Truly my pleasure to catch up with author (and delightful humorist) R.B. Harkess. On his page at, he describes himself as an “Author in Waiting,” but I have to contend he’s anything but, as he’s already written in multiple genres (fantasy, crime and speculative fiction/science fiction novels). Not to mention his short stories which have been featured in a number of anthologies, etcetera. 




GL:  Great to welcome you to The GL Giles Files, R.B.!  Please give readers a synopsis of your book, “Aphrodite’s Dawn,” and why you were inspired to write it.

RB:  Aphrodite’s Dawn is a SF adventure. It’s very definitely ‘crossover’, and would appeal to any reader, but the marketing tag for it is very definitely ‘Young Adult’. Think ‘Rendezvous with Rama’ meets ‘Hunger Games’.

Garret’s world is six floors tall by five hundred people wide, and he despairs of ever being happy. When a voice in his head offers the 14-year old an escape from his boring life, he has no idea how apparently being offered everything he could want or need might change him. With his best friend Pitr in tow Garret seizes the opportunity, and their universe is thrown into confusion when they are told they are on an asteroid-sized sleeper-ship. The asteroid’s computer has been damaged, and cannot control the engines to deliver them to their new home. Garret is asked to take a message to the other end of the world.

GL:  What made you decide to go with Salt Publishing?

RB:   Why did I go with Salt? Because they asked me. Seriously, Aprodite’s Dawn was my first published novel. Steve Haynes is lucky he still has his arm I snatched the contract out of his hand so fast. But, on a more serious note, it all comes down to conventions.

GL:  Have you attended any writing conventions in 2013? If so, then which ones? Do you think that conventions are a good way for both new and established writers to market their books? Can most marketing be done online now, or does meeting someone in person still carry more weight?

RB:  This is a bit of a ‘yes and no’ answer. In 2013 I attended, or will attend, ‘Edge Lit’ in Derby, ‘Get Writing’ in Hertfordshire, and (my current favourite), BristolCon (I have to say that, being a Bristolian-in-exile).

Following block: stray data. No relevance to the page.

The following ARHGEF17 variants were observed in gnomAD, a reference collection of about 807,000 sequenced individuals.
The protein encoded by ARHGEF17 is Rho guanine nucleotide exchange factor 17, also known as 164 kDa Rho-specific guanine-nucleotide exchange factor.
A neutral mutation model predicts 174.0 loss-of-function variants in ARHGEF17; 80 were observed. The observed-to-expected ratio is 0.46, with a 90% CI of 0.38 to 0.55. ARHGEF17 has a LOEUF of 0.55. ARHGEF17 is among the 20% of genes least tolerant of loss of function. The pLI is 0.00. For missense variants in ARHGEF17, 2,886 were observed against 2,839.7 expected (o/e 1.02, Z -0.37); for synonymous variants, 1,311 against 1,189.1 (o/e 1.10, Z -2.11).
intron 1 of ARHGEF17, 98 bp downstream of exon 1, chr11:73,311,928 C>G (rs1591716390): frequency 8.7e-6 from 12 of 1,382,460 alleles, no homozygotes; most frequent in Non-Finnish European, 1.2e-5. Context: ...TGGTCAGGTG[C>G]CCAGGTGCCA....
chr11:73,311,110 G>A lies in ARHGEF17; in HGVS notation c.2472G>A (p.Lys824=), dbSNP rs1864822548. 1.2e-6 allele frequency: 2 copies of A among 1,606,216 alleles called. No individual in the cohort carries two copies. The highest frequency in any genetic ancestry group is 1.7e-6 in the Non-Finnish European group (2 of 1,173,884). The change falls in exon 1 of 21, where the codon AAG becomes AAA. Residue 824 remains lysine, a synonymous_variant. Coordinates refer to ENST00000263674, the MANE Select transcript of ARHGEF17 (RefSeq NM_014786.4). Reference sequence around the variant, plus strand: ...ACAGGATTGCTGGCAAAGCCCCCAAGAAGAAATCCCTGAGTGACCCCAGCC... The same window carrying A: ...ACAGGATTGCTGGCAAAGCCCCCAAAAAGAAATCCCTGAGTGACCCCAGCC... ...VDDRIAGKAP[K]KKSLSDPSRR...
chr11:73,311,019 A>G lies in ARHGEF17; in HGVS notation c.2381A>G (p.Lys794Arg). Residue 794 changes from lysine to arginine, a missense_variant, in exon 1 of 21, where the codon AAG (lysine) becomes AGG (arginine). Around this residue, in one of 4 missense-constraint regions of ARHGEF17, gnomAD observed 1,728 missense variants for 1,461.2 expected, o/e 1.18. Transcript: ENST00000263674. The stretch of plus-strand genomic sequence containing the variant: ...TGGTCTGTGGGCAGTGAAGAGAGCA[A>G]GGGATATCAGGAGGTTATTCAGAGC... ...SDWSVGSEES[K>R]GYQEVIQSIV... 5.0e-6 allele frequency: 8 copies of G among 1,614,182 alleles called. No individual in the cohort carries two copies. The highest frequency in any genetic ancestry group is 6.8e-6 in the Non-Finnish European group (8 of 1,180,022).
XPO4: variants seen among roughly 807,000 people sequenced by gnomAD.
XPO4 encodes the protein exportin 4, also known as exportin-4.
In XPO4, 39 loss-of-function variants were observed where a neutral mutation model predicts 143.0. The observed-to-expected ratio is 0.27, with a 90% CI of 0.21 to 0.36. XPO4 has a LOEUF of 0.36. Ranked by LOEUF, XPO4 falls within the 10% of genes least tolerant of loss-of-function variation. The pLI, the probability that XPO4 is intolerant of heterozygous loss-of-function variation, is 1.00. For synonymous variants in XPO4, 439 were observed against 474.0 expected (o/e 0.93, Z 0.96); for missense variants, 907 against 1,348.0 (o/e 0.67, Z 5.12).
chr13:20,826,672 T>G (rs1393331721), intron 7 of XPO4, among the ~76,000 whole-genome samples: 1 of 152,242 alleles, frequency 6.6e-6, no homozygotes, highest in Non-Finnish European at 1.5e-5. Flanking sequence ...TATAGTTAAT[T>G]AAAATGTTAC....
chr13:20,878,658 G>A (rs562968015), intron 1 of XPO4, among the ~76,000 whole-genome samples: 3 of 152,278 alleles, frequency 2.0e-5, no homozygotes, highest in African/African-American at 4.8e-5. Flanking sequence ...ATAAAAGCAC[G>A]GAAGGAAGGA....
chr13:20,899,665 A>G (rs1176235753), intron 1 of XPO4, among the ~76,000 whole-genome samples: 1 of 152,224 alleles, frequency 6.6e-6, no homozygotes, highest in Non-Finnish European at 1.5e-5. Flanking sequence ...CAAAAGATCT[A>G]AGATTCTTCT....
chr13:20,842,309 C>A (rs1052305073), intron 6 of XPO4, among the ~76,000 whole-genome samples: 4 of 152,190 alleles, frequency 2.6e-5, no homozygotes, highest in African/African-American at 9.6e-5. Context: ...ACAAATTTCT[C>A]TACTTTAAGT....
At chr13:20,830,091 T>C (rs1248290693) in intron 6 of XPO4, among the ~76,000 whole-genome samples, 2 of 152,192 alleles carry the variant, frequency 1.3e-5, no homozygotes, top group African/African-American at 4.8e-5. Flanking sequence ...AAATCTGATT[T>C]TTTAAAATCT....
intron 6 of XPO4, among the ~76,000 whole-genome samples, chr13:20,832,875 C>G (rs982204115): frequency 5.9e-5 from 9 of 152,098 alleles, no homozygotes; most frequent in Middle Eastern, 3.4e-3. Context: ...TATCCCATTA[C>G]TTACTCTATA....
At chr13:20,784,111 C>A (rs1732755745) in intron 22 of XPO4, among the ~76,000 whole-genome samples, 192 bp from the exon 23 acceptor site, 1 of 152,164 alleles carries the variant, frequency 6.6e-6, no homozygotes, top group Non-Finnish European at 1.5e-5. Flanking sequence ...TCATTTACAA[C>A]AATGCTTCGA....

I think that genre conventions are essential, and in so many ways it’s going to be difficult to explain why without writing three blogs worth of words.

Example 1:  Aphrodite’s Dawn was published by Salt because I went to NewCon5 and met Steve Haynes (the editor of Proxima) which was a fledgling imprint at the time and he was trawling for writers. We got talking and, some months later, Steve asked me if the novel was still free because Proxima had decided to dip their toe into YA.

Example 2:  It was at the same con that I met Geoff Nelder, author of the ARIA trilogy, editor of many things including Escape Velocity Magazine, and also in one of my writing groups. When he was putting together his Escape Velocity anthology, he rejected the story I submitted, but remembered ‘Jack in the Box’ from a review and criticize exercise, and asked if it was still available (there was a point to that).  Thinking about it, I met at least half of my best friends and acquaintances at that con, so thank you again Ian Whates.

So, from my perspective, much of my publishing success has been down to conventions. Having said that they can be lonely and intimidating places. Everybody seems to know everybody else except you, and unless you’re the sort of person who can barge their way into a random conversation, it can be insular.

Most cons run ‘newbie groups’ though, where experienced staff are used as icebreakers to get people involved. On the other hand, if you can jump in and interact, you get to meet some fascinating people (and occasionally the odd ‘oh my goodness, that’s _____________ (fill in the name of your literary deity here)’. I mean, at Bristol Con last year I had Jaine Fenn on my Triva Team (and this year she is a panelist on a panel I am moderating). How cool is that?

I’m rambling. For making contacts, cons can be unbeatable. For marketing? Well, everybody wants a book launch at a con. I’m still waiting for mine. I might even get one next year. You get the option to stuff flyers into goodie bags, and do readings, and it’s all good exposure. I doubt it translates too much in direct sales, but it’s great for increasing your exposure, especially if you can get on some good panels.

But I do find conventions change as the organizers and committees change. There’s one con I used to think was the best in the world, and now I doubt I shall go to another because the people running it changed. On the flip side, new cons, and not just pure-writing ones, come up in your awareness and you migrate.  I am going to Asylum next year, the great Steampunk extravaganza, which I’ve not been to before, and I may try Andromeda, or even SFX.

GL:  Many thanks for your honest, humorous and thoroughly illuminating answer! In a different vein, you run a critique group, correct? What are some of the benefits of belonging to a group like this?

RB:  I am a member of the British Science Fiction Association, and members are entitled to join our crit group, Orbiters. A multi-talented woman by the name of Terry Jackman sits above us all as general manager, and passes jobs and members down to us lowly Co-ordinators. I have the honour to run Orbit-4 (novels)—and Terry is actually a member in my group, which is a bit mobius.